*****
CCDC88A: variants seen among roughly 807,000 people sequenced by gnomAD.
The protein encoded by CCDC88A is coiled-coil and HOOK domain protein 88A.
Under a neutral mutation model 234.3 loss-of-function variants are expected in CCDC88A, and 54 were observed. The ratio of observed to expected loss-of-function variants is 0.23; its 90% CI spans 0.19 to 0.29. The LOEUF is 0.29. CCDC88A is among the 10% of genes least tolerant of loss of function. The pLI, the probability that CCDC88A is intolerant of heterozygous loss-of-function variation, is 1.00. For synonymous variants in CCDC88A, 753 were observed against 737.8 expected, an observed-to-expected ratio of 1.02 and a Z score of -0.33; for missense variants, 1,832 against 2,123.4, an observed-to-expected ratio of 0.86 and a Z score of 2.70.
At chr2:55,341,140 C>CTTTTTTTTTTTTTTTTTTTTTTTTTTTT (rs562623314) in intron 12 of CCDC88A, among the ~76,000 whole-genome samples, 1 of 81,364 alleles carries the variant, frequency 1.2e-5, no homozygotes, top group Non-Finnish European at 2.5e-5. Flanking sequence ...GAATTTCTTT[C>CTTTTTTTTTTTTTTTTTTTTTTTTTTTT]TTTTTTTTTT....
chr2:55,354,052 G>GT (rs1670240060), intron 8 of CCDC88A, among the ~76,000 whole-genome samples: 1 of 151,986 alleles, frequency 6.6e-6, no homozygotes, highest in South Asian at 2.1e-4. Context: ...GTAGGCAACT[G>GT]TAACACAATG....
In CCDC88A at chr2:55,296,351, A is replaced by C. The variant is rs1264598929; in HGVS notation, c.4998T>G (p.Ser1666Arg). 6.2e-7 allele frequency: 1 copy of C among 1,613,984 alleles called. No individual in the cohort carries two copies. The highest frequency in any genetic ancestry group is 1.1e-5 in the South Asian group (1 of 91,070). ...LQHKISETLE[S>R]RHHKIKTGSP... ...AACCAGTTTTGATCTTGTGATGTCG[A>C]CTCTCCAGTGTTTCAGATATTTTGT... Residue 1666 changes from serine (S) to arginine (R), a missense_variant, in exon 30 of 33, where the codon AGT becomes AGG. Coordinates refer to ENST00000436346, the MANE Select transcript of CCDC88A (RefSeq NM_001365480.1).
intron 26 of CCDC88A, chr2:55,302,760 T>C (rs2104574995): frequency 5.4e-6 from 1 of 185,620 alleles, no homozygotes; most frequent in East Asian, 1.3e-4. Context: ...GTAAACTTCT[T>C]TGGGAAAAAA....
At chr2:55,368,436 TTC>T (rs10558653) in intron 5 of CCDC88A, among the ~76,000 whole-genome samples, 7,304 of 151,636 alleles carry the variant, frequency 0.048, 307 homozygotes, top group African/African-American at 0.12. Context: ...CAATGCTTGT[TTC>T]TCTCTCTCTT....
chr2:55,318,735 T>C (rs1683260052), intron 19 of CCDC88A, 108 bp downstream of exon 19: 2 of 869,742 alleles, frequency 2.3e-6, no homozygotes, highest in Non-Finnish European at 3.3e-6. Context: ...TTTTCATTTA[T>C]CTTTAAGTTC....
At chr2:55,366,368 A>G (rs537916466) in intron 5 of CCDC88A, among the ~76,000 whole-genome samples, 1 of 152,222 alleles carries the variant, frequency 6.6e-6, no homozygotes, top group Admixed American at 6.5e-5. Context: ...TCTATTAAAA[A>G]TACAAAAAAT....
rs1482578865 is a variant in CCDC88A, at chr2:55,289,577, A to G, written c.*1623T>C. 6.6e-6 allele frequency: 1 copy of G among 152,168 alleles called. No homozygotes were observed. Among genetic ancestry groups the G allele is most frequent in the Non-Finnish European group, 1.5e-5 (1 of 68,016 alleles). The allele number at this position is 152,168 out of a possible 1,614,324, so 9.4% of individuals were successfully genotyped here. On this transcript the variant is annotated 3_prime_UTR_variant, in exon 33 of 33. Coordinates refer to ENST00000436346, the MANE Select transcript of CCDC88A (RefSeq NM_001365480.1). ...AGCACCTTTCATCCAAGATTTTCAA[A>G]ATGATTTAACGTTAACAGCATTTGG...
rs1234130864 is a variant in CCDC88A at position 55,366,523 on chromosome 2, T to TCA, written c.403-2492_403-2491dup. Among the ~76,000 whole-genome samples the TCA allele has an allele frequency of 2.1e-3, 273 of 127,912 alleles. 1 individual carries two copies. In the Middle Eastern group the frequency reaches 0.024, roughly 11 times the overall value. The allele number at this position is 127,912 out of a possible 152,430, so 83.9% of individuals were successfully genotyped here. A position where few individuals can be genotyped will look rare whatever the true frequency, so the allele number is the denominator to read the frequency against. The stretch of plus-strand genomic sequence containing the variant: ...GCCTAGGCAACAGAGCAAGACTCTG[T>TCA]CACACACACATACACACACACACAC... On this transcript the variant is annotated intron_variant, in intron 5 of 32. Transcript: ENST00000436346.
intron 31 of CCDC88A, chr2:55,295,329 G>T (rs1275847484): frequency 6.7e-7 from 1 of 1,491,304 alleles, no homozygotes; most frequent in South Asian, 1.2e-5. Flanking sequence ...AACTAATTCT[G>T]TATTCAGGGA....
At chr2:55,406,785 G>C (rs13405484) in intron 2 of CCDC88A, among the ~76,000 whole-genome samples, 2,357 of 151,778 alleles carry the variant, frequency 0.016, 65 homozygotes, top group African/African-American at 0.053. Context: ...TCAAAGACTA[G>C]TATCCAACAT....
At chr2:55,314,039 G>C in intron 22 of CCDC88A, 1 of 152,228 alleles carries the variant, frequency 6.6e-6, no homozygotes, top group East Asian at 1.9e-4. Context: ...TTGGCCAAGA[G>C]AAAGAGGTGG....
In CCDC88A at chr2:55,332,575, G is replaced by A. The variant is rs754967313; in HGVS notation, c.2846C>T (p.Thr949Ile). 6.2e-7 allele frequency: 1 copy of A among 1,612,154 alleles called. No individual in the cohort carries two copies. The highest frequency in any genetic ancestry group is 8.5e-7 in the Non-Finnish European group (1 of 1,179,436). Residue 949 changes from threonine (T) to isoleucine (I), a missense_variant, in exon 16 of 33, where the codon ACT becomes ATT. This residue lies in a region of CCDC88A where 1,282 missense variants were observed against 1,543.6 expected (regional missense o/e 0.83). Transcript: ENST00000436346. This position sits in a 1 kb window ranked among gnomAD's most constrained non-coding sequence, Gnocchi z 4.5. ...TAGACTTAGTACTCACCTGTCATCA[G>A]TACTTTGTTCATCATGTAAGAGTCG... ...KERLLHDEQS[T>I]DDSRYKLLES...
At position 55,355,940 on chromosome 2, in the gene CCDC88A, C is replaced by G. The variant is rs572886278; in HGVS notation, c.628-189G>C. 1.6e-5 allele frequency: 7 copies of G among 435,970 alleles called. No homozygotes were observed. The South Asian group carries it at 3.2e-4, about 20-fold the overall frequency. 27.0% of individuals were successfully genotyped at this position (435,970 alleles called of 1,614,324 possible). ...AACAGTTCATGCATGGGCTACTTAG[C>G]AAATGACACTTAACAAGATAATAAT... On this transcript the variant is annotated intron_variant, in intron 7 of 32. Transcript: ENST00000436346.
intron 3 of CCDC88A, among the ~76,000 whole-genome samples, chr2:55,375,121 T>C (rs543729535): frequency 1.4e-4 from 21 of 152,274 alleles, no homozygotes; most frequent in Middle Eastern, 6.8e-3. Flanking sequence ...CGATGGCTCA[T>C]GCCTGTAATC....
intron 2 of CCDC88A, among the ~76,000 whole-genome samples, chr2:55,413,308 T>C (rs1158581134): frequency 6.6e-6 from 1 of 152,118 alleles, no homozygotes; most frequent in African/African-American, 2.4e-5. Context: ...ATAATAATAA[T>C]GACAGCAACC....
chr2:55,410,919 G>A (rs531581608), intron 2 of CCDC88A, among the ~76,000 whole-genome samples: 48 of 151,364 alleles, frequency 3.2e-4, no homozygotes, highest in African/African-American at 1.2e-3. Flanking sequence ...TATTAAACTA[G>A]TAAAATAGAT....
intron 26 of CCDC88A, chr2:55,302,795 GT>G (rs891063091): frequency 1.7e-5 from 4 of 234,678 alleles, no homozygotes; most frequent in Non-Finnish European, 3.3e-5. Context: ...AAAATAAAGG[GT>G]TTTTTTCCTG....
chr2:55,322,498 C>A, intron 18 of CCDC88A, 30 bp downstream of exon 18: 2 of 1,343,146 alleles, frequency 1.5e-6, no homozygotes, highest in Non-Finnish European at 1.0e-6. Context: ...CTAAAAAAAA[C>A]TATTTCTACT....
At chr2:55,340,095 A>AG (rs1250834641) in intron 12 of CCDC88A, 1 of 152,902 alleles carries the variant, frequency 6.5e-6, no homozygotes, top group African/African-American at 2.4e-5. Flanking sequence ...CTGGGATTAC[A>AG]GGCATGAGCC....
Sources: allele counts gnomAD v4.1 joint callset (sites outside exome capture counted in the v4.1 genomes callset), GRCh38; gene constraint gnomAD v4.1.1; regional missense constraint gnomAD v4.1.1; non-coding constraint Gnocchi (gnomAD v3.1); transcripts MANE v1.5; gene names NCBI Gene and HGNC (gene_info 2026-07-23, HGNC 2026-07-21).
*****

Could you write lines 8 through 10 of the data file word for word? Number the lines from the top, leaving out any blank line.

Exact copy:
At chr2:55,368,436 TTC>T (rs10558653) in intron 5 of CCDC88A, among the ~76,000 whole-genome samples, 7,304 of 151,636 alleles carry the variant, frequency 0.048, 307 homozygotes, top group African/African-American at 0.12. Context: ...CAATGCTTGT[TTC>T]TCTCTCTCTT....
chr2:55,318,735 T>C (rs1683260052), intron 19 of CCDC88A, 108 bp downstream of exon 19: 2 of 869,742 alleles, frequency 2.3e-6, no homozygotes, highest in Non-Finnish European at 3.3e-6. Context: ...TTTTCATTTA[T>C]CTTTAAGTTC....
At chr2:55,366,368 A>G (rs537916466) in intron 5 of CCDC88A, among the ~76,000 whole-genome samples, 1 of 152,222 alleles carries the variant, frequency 6.6e-6, no homozygotes, top group Admixed American at 6.5e-5. Context: ...TCTATTAAAA[A>G]TACAAAAAAT....